Where Clouds Are Formed
96 pages, 6 x 8
Paperback
Release Date:15 Sep 2008
ISBN:9780816527793
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Where Clouds Are Formed

SERIES:
The University of Arizona Press
Ofelia Zepeda is a Native American poet who possesses a kind of double vision. She sees the contemporary world through her own highly observant eyes and, at the same time, through the eyes of her Tohono O’odham ancestors. Seeing this way infuses her poetry with a resonance and depth that makes it a delight to read—and re-read.
Zepeda is as clear-eyed about the past as she is about the present. She recalls waiting for the school bus on a cold morning inside her father’s truck, listening to the sounds of the engine, the windshield wipers, and the “soft rain on the hood.” She remembers celebrating Mass on the “cold dirt floor of the Winter Solstice.” In the present, she sees both the frustration and the humor in a woman she observes trying to eat pancakes with one hand while her other resides in a cast: “Watching her, I realize eating pancakes is a two-handed job.”
Whatever she sees, she filters through her second set of eyes, which keep the past always present. She tells of traveling to Waw Giwulig, the most sacred mountain of the Tohono O’odham, to ask for blessings—and forgiveness. She writes that one should always bring music to the mountains, “so they are generous with the summer rains.” And, still, “the scent of burning wood / holds the strongest memory. / Mesquite, cedar, piñon, juniper, . . . / we catch the scent of burning wood; / we are brought home.” It is a joy to see the world afresh through her eyes.
In poem after poem, she invokes realities that her language expresses but English resists. In one of the most moving poems, Zepeda describes how she lacks a birth certificate because 'my parents are illiterate in the English language. . . . they speak a language much too civil for writing,' a language 'useful for praying with the earth and sky.' The connection between religion and language runs throughout the poems, as does the linkage between the land’s features and the Tohono O’odham tongue. Miraculously, Zepeda makes us hear echoes of her language through English—no small poetic feat.' —Booklist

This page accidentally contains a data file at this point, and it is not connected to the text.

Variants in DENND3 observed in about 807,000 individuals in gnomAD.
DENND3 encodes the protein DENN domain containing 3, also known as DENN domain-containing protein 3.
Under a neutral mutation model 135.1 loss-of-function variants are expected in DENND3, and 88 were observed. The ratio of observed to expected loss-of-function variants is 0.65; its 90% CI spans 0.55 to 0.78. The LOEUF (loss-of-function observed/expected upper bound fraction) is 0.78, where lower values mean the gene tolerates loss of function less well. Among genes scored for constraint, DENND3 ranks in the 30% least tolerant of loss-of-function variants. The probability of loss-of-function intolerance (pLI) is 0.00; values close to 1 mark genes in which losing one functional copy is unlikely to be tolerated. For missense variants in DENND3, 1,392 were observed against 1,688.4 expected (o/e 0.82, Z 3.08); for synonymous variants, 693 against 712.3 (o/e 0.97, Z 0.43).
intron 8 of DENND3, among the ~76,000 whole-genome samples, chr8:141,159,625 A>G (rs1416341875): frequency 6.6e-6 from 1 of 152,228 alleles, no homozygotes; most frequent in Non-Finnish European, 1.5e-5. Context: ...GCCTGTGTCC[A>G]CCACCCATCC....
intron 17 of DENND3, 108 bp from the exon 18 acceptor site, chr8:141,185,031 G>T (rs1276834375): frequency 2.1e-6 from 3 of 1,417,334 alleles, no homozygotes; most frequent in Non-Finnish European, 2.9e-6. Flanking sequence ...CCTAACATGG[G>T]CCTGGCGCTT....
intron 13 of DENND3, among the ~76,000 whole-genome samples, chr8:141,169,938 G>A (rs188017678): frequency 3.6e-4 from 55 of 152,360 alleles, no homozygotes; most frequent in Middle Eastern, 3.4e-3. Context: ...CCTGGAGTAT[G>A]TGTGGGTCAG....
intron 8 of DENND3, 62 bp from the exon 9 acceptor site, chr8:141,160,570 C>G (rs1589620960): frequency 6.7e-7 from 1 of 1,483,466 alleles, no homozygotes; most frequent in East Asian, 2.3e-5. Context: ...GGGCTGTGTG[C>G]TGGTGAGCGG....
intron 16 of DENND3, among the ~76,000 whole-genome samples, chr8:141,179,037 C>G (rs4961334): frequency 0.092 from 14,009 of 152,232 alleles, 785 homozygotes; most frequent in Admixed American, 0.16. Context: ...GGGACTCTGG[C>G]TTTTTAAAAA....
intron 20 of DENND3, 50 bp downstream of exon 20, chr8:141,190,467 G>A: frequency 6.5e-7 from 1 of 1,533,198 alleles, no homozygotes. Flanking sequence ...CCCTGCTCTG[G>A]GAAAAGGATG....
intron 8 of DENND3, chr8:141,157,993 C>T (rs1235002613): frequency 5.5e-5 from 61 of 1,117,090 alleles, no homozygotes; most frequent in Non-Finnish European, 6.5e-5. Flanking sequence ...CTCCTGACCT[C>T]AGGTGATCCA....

‘Zepeda takes readers into a realm where mystery and history combine, where past and present merge for the reader in a perplexing and simple elation of word and spirit.’ —Southwestern American Literature
 Part I Lost Prayers
The Place Where Clouds Are Formed
Trapped Air
Crossing Mountains
Halls of the I.C.U.
Birth Witness
Aroma of Sorrow
Lost Prayers
Ocotillo Memorial

Part II Other Worlds
Dirt
Landscape
The Other World
Ñeñe’i Ha-sa:gid
In the Midst of Songs
Music Mountains
Traces
Wild Horse Pass Resort: Gila River Indian Reservation
Sounds of Ceremony
Tsegi Overlook
An O’odham in Yosemite

Part III How to End a Season
Proclamation
How to End a Season
Mogollon Rim
Hopi Blue
Squash Under the Bed
The Way to Leave Your Illness
Just Like Home
Words on Your Tongue
Road Man’s Son
Do’ag Weco
Calling on Ancestors
Outside Payson
Sunset
Pain of Speaking
Walking with Language
Blacktop
Redefining Home
Watto/Ramada
Seeing Red
Aligning Our World
Smoke in Our Hair
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